A business yearbook helps create posterity for your business, marketing information for your customers and incentives for future employees. Although they take time, creativity and writing skills to produce, they can quickly become an indispensable marketing and recruitment tool.
Things You'll Need
- Rubber cement
Make your yearbook interesting to read
Choose a theme. Binding and laminating expert Jeff McRitchie suggests meeting with your managers and employees for two or three brainstorming sessions. Have one person write down the ideas. Devise a theme. Once you decide on a theme, it will be easier to choose photos and write copy.
Develop a production time frame. Yearbooks should feature 12 months of photos. The month prior to each one you need to shoot photos, write a planned photo guide. Include details of the types of photos you're going to take, where those photos will be taken (inside or outdoors) and which subject or subjects are needed for each shot.
Hand out copies of the guide to employees and managers. Delegate who will bring needed props and delegate one person each month to verify the props and preparation for each photo. Write and proofread your copy each month around your photo montage. After 12 months, you will have everything you need to quickly lay out each page.
Map out the photos you want to use. Pick photos for the collage you will use on each page. Common photo sizes for collages include 3 x 5, 5 x 7 and 4 x 5 inches. A nice collage contains a mixture of sizes. Practice organizing the collage in an interesting fashion on a piece of paper without gluing down the photos until you find a layout that works.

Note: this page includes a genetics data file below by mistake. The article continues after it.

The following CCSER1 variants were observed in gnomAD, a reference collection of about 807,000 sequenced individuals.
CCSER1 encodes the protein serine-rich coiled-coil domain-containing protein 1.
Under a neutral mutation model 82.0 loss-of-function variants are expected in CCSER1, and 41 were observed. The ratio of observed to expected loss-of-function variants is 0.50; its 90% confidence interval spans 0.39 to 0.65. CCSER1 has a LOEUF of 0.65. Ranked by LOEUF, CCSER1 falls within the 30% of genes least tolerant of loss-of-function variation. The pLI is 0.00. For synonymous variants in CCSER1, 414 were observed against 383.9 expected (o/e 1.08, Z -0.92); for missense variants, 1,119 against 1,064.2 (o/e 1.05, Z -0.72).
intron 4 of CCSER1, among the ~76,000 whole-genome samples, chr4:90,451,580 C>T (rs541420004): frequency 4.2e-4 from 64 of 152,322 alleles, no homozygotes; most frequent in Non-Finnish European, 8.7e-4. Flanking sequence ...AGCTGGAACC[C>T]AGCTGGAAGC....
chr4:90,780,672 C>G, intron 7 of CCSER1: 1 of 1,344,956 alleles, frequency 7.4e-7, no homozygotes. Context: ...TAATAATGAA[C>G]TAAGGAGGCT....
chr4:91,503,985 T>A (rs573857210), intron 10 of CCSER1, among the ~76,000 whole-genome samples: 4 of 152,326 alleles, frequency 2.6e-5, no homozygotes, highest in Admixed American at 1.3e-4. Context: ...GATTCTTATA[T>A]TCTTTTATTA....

Write the copy to accompany the photos. Include explanations of each photo's content. For example, if you have your employees dress up for Halloween, write down the first name of each employee pictured and the costumes displayed. If you have a photo of an employee handing a brochure or giving helpful information to a client, the sample copy could include: "Our valued customer gets sales information from Brad." Place your copy either above, on the side or the bottom of the photo it describes.
Assemble your pages. If you want an 8 x 10-size yearbook, lay out your photos and copy them onto standard typing or printing paper. Use rubber cement to secure the photos to the page; this will allow you to easily move them around if you need to later.
Find a reputable binding company. Local binding companies usually have an online listing under binding, printing or magazine printing companies. Contact local binding companies in your area. Ask for references for each company or ask to look at samples. Larger companies may have a salesperson who can come to your business and bring samples of yearbooks.
Ask them to explain the different binding processes. For example, you might choose comb binding, which uses round plastic spines to collate the pages. Another option is thermal binding, which is similar to the binding often used on hardcover books. Discuss the pros, cons and pricing of each option. The type of binding and the binding company you choose should be determined by your budget and which company you believe will provide the best quality product that fits within your budget.